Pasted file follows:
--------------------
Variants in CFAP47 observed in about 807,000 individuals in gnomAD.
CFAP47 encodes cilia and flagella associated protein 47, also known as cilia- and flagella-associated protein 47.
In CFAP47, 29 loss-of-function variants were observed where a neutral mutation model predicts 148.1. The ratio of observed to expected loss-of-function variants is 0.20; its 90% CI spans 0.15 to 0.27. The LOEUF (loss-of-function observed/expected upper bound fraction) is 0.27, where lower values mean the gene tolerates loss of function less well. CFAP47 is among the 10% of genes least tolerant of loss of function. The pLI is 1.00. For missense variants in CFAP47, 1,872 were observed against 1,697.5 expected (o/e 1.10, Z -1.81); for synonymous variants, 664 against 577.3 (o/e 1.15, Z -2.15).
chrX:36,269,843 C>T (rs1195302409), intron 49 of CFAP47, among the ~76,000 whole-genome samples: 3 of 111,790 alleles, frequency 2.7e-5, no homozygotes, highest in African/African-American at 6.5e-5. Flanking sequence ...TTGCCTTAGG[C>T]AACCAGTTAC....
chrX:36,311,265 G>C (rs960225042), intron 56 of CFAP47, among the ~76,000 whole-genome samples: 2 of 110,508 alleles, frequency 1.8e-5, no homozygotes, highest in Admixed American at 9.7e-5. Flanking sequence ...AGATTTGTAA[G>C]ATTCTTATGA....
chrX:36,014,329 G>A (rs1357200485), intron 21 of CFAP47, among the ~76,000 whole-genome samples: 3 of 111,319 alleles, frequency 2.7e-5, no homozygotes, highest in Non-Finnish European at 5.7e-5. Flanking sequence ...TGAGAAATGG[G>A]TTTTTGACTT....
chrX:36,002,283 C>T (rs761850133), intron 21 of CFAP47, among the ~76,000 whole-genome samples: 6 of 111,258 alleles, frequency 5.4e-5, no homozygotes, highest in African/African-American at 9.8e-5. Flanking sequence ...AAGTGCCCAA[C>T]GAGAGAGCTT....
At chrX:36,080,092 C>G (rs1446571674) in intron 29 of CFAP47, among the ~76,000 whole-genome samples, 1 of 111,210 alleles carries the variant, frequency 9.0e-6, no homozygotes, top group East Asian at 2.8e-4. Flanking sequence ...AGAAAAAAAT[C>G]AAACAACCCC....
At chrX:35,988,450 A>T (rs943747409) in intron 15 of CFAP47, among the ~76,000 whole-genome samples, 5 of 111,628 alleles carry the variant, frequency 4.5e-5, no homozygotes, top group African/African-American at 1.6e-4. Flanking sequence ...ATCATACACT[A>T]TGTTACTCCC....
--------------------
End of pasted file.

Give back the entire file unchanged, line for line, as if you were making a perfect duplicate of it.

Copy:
Variants in CFAP47 observed in about 807,000 individuals in gnomAD.
CFAP47 encodes cilia and flagella associated protein 47, also known as cilia- and flagella-associated protein 47.
In CFAP47, 29 loss-of-function variants were observed where a neutral mutation model predicts 148.1. The ratio of observed to expected loss-of-function variants is 0.20; its 90% CI spans 0.15 to 0.27. The LOEUF (loss-of-function observed/expected upper bound fraction) is 0.27, where lower values mean the gene tolerates loss of function less well. CFAP47 is among the 10% of genes least tolerant of loss of function. The pLI is 1.00. For missense variants in CFAP47, 1,872 were observed against 1,697.5 expected (o/e 1.10, Z -1.81); for synonymous variants, 664 against 577.3 (o/e 1.15, Z -2.15).
chrX:36,269,843 C>T (rs1195302409), intron 49 of CFAP47, among the ~76,000 whole-genome samples: 3 of 111,790 alleles, frequency 2.7e-5, no homozygotes, highest in African/African-American at 6.5e-5. Flanking sequence ...TTGCCTTAGG[C>T]AACCAGTTAC....
chrX:36,311,265 G>C (rs960225042), intron 56 of CFAP47, among the ~76,000 whole-genome samples: 2 of 110,508 alleles, frequency 1.8e-5, no homozygotes, highest in Admixed American at 9.7e-5. Flanking sequence ...AGATTTGTAA[G>C]ATTCTTATGA....
chrX:36,014,329 G>A (rs1357200485), intron 21 of CFAP47, among the ~76,000 whole-genome samples: 3 of 111,319 alleles, frequency 2.7e-5, no homozygotes, highest in Non-Finnish European at 5.7e-5. Flanking sequence ...TGAGAAATGG[G>A]TTTTTGACTT....
chrX:36,002,283 C>T (rs761850133), intron 21 of CFAP47, among the ~76,000 whole-genome samples: 6 of 111,258 alleles, frequency 5.4e-5, no homozygotes, highest in African/African-American at 9.8e-5. Flanking sequence ...AAGTGCCCAA[C>T]GAGAGAGCTT....
At chrX:36,080,092 C>G (rs1446571674) in intron 29 of CFAP47, among the ~76,000 whole-genome samples, 1 of 111,210 alleles carries the variant, frequency 9.0e-6, no homozygotes, top group East Asian at 2.8e-4. Flanking sequence ...AGAAAAAAAT[C>G]AAACAACCCC....
At chrX:35,988,450 A>T (rs943747409) in intron 15 of CFAP47, among the ~76,000 whole-genome samples, 5 of 111,628 alleles carry the variant, frequency 4.5e-5, no homozygotes, top group African/African-American at 1.6e-4. Flanking sequence ...ATCATACACT[A>T]TGTTACTCCC....